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Chapter 14: first weeks in London.—June and July, 1838.—Age, 27.


To his brother George, St. Petersburg.

London, June 1, 1838.
My dear George,—I write you my first lines from London, and that with the especial object to reclaim sundry letters which the Barings have had the folly to despatch to St. Petersburg after you. . . .

Last night I entered London, having passed just five months in Paris; and, when I found myself here, I seemed at home again. Paris is great, vast, magnificent; but London is powerful, mighty, tremendous. The one has the manifestations of taste and art all about it; the other those of wealth and business. Public buildings here seem baby-houses compared with what Paris affords. Go to Paris, you will see art in its most various forms; you will see taste in the dress of everybody, in the arrangement of the shop-windows, and particularly in the glories of the opera. I have been to Drury Lane to-night. I went late; and yet I could not stay through the evening, so dull and tasteless did it seem. The last night I was in Paris I attended the French Opera, and the wonders of that scenic display are yet thrilling my mind. But I have not come abroad to see theatres, though these, as one phase of society, I see with interest always. I was much absorbed while in Paris with observing the administration of justice, and endeavoring to master the system of the French law,—a subject to a foreigner of much difficulty; and I confidently think that I have reaped not a little advantage from the pursuit, and that I may be able to apply my knowledge to some profit hereafter: perhaps I shall write some work on the subject, though I hardly venture to think of it. It is more probable that I shall endeavor to use the knowledge I have acquired and the opinions I have formed in influencing some changes and improvements in the laws of my country. If you conclude to visit Paris, do not fail to let me know beforehand; for I can give you instructions with regard to your management there which are the result of five months study and mingling with a great variety of people. . . . [313]

I have been here one day; have seen much already; have been proposed as an honorary member of one of the clubs, and cordially received by Earl Fitzwilliam,—one of the first peers of the realm. As yet, however, I have not presented one of my letters of introduction; that I shall not do till I have selected lodgings. After these I am in full chase; but I wish my letters even more than lodgings, though I despair of comfort until I have both. Send back my letters, then, my dear George; send back my letters, and believe me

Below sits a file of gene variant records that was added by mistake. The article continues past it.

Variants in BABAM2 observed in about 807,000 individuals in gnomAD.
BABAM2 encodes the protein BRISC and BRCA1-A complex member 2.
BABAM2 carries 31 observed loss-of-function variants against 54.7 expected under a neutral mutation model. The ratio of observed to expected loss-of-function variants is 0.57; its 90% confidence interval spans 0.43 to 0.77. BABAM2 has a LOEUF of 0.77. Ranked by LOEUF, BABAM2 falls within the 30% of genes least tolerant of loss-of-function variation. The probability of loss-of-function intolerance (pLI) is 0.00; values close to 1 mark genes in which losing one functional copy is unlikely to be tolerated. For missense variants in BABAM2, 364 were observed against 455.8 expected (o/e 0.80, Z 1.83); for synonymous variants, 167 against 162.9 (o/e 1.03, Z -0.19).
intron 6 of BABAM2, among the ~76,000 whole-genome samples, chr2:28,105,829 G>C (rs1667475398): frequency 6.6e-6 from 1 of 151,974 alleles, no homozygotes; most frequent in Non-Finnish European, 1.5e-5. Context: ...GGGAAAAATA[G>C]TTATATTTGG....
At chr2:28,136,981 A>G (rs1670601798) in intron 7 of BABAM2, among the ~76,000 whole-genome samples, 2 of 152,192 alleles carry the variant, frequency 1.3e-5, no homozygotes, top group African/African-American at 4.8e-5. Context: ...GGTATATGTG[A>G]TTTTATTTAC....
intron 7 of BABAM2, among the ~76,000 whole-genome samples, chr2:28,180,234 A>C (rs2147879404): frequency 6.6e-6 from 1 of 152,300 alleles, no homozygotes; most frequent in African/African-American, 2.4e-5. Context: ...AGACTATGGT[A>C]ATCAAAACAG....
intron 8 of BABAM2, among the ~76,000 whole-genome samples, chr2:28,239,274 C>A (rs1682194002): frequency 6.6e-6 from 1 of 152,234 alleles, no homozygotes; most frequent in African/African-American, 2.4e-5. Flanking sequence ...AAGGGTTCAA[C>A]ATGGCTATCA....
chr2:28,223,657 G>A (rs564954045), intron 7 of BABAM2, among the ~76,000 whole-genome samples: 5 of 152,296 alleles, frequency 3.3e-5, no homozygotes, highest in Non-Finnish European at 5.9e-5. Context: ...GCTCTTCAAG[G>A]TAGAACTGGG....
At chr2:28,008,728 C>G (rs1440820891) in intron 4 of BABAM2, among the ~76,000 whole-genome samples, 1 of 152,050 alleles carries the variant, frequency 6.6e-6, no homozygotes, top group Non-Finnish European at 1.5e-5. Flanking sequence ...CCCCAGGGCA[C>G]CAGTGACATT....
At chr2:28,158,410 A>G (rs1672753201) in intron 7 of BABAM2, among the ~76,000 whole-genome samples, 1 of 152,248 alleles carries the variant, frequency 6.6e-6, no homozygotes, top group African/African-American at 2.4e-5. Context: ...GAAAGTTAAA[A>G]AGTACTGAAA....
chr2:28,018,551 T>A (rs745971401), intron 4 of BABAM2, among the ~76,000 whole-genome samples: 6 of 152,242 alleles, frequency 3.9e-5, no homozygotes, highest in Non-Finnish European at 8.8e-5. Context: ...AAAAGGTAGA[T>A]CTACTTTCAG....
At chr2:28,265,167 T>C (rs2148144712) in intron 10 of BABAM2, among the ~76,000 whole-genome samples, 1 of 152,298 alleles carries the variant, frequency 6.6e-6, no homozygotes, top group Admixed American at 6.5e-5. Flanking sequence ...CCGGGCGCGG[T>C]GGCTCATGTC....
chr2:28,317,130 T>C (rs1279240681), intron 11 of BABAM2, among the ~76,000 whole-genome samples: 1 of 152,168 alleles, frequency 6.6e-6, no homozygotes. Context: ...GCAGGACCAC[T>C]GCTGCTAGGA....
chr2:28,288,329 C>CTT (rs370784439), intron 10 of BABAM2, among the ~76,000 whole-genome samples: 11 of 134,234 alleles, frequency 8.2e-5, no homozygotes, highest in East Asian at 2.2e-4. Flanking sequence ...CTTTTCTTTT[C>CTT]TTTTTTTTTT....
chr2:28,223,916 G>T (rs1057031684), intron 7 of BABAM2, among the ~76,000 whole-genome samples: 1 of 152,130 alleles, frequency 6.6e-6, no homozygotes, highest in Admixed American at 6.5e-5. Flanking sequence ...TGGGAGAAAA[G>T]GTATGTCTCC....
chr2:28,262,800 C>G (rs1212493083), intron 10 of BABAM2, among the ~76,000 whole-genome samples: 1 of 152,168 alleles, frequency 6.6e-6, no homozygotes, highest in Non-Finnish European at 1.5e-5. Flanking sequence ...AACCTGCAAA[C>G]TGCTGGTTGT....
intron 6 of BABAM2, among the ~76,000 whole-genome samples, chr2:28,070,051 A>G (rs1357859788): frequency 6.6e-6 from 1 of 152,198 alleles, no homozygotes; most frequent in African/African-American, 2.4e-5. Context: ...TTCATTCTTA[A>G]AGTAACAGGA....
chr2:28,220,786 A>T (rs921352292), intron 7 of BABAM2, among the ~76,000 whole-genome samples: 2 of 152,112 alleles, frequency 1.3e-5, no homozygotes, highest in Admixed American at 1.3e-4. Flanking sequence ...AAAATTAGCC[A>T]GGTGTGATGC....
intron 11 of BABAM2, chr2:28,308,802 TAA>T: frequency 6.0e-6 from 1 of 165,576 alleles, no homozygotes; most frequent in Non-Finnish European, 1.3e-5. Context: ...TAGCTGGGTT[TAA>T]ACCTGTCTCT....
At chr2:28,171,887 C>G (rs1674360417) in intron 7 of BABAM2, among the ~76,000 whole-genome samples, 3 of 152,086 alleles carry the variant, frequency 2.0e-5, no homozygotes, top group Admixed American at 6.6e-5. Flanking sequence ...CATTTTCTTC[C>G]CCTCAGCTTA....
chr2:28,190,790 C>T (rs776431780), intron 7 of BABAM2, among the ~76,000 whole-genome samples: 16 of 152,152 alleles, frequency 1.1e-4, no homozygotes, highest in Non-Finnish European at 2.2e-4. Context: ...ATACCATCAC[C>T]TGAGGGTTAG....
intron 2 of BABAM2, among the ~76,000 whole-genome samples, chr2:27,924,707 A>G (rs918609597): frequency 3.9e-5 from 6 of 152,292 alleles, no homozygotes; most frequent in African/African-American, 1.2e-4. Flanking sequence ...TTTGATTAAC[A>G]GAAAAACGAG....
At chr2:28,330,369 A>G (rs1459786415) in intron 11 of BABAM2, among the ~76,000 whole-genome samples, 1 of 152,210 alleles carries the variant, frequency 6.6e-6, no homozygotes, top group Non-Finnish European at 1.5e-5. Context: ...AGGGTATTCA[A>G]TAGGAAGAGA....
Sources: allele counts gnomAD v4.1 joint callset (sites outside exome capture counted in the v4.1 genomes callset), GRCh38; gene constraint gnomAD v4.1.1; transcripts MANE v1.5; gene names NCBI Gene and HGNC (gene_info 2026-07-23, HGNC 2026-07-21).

As ever, affectionately yours,

To Judge Story, Cambridge.

Garrick Club,1 London, June 4, 1838.
my dear Judge,—. . . My pulses beat quick as I first drove from London Bridge to the tavern, and, with my head reaching far out of the window, caught the different names of streets, so familiar by sound, but now first presented to the eye. As I passed the Inns, those chosen seats of ancient Themis, and caught the sight of ‘Chancery Lane,’ I felt—but you will understand it all.

I send now my memoir of your life and writings, which I have prepared to be laid before the Institute with an accompanying letter. Of course, I was very much cramped by writing in a foreign language; but yet I have contrived to say one or two things which, I hope, are as just in fact as they are appositely introduced. Writing in the country of Cujas and D'Aguesseau, I could not forbear making an allusion to those great minds.

As ever, my affectionate recollections to all your family and to yourself.

C. S.
P. S. London teeming with interest will naturally form the subject of many letters.

To George S. Hillard, Boston.

Garrick Club, June 4, 1838.
Zzz [314] born of Paris. I have a sense of oppression as I walk these various streets, see the thronging thousands, catch the hum of business, and feel the plethora of life about me. The charm of antiquity, so subtle and commanding,—at least I confess to its power,—the charm of taste, and then the excitement produced by a constant consciousness that one is in a foreign land: these belong to Paris. Here I seem again at home; I start as I catch English sounds in the streets; and for the moment believe that I am in New York or more loved Boston when I see the signs over shop-doors staring me in the face. The style of building is American; or rather ours is English. Everywhere I see brick. I do not remember a house in Paris of that material. If I enter a house, I find the furniture like ours; and then, over and above all, is the common language, which, like the broad and ‘casing air,’ seems to be perpetually about me.